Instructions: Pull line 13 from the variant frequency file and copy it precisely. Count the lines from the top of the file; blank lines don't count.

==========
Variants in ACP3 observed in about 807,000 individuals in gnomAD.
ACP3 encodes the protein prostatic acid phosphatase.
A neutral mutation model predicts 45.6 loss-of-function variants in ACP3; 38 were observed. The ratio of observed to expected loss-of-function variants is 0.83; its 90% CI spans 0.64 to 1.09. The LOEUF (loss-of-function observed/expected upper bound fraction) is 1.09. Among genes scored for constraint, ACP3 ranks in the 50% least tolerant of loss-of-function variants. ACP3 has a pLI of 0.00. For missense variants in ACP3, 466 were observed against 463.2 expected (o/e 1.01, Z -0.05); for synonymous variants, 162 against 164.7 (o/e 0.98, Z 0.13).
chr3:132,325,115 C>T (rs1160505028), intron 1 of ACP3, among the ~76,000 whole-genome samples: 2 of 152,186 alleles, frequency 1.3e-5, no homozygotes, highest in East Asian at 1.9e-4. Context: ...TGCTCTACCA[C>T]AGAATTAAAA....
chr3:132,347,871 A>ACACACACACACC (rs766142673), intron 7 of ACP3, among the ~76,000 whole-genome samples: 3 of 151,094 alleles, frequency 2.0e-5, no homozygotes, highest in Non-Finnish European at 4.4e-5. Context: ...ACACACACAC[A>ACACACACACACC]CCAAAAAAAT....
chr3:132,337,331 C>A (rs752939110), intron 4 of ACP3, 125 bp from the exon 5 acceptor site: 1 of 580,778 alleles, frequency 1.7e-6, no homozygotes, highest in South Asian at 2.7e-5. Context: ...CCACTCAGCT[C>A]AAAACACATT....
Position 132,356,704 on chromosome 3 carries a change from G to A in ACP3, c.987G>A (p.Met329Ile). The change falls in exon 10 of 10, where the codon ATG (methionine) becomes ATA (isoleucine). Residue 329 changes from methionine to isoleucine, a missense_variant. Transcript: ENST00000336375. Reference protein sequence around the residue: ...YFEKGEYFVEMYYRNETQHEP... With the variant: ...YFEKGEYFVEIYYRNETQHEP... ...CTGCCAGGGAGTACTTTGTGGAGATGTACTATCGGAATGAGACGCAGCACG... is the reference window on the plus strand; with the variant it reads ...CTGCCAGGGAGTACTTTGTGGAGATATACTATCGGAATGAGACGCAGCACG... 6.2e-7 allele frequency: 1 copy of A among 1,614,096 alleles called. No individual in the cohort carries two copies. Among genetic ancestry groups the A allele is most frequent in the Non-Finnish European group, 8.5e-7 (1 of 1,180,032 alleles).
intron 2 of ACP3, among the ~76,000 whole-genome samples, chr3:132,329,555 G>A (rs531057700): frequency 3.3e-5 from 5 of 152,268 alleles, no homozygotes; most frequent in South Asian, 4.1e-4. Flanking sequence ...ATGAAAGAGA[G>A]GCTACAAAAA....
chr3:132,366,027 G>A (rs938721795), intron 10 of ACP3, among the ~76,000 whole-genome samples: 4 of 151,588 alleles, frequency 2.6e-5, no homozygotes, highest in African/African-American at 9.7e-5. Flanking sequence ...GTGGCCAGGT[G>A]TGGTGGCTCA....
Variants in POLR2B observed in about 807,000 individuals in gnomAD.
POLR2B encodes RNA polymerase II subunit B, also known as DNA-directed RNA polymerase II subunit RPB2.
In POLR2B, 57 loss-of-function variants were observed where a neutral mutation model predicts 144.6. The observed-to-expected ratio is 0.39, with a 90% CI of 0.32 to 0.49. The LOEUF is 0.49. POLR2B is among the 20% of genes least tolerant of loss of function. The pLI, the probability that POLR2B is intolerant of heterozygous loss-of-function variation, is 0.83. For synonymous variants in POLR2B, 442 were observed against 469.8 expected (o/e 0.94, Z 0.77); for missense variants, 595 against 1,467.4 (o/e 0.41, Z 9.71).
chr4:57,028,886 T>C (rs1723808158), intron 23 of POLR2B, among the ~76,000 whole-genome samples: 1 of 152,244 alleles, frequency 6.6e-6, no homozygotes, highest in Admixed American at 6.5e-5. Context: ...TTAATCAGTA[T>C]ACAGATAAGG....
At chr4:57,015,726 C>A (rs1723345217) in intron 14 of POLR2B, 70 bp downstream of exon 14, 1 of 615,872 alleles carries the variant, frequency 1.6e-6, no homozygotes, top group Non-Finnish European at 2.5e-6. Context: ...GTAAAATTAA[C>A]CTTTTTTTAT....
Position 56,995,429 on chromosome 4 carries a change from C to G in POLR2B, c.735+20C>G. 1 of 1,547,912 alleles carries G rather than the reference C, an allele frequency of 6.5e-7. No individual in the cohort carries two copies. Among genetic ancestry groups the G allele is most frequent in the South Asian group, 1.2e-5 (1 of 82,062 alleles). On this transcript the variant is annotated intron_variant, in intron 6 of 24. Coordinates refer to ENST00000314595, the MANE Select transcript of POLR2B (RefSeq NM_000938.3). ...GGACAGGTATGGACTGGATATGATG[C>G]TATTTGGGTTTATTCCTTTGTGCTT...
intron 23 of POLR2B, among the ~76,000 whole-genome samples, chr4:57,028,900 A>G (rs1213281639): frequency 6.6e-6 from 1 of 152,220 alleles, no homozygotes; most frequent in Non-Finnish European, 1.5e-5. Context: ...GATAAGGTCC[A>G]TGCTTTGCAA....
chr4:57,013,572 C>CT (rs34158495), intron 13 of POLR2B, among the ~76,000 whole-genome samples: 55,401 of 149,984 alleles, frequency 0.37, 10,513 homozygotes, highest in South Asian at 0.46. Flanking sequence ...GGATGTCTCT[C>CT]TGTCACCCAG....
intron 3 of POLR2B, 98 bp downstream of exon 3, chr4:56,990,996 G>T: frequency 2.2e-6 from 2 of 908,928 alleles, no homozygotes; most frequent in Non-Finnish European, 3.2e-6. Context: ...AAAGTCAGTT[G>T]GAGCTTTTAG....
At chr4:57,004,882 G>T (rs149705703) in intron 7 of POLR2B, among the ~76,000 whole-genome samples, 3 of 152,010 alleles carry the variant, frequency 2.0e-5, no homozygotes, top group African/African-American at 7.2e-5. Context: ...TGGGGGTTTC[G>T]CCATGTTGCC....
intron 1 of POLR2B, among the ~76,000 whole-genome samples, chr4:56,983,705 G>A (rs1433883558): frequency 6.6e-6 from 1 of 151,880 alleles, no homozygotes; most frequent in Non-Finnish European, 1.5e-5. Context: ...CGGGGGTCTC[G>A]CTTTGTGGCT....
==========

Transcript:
chr4:57,028,886 T>C (rs1723808158), intron 23 of POLR2B, among the ~76,000 whole-genome samples: 1 of 152,244 alleles, frequency 6.6e-6, no homozygotes, highest in Admixed American at 6.5e-5. Context: ...TTAATCAGTA[T>C]ACAGATAAGG....